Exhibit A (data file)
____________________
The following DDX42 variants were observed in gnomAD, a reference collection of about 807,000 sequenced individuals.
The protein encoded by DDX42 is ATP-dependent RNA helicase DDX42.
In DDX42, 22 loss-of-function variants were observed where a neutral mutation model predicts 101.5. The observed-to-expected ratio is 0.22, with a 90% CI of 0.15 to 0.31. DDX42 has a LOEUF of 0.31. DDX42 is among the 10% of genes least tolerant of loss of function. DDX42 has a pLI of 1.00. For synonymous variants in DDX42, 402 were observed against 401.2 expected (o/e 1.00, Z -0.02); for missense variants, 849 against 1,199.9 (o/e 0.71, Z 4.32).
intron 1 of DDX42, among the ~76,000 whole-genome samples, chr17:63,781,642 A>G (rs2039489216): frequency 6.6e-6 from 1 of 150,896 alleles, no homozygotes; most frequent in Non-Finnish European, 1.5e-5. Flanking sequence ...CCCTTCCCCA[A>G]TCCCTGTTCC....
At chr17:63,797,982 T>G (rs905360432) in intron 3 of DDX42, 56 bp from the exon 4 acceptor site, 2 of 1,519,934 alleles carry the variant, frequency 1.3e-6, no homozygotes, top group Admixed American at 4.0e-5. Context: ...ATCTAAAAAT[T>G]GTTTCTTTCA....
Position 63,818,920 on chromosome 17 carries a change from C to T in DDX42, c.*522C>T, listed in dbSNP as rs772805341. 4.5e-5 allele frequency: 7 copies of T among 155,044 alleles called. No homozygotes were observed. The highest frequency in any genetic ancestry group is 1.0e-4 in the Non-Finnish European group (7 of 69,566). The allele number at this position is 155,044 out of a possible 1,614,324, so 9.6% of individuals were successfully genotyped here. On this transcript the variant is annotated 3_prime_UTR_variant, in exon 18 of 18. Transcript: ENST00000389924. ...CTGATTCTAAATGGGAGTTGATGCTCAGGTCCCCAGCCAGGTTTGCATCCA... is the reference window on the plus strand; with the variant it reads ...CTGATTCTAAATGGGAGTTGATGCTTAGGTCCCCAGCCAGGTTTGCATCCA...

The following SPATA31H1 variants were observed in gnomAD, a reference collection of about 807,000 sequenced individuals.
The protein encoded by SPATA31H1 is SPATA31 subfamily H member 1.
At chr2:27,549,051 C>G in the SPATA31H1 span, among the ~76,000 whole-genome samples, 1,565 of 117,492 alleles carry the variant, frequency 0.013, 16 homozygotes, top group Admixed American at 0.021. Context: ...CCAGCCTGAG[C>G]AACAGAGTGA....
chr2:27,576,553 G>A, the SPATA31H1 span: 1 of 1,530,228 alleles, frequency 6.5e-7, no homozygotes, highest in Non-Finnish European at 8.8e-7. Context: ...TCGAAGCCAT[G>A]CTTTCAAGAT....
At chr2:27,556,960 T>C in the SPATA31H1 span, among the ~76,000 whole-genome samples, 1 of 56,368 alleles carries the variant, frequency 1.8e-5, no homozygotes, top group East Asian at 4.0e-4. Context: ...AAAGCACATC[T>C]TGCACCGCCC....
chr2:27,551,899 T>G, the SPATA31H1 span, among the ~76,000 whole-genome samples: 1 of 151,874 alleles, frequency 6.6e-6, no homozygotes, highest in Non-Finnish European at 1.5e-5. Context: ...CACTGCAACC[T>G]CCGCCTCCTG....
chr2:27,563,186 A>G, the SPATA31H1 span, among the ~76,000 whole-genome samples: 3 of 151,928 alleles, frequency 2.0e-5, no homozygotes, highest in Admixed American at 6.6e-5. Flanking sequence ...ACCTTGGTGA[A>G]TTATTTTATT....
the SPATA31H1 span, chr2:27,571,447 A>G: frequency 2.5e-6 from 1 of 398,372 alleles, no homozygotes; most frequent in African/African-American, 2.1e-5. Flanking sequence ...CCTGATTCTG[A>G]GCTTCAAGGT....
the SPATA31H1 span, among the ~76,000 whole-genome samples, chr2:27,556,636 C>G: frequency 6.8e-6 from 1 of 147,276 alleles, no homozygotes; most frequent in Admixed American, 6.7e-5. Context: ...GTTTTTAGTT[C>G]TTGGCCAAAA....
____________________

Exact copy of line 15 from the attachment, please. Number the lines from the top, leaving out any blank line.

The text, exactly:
the SPATA31H1 span, among the ~76,000 whole-genome samples, chr2:27,556,636 C>G: frequency 6.8e-6 from 1 of 147,276 alleles, no homozygotes; most frequent in Admixed American, 6.7e-5. Context: ...GTTTTTAGTT[C>G]TTGGCCAAAA....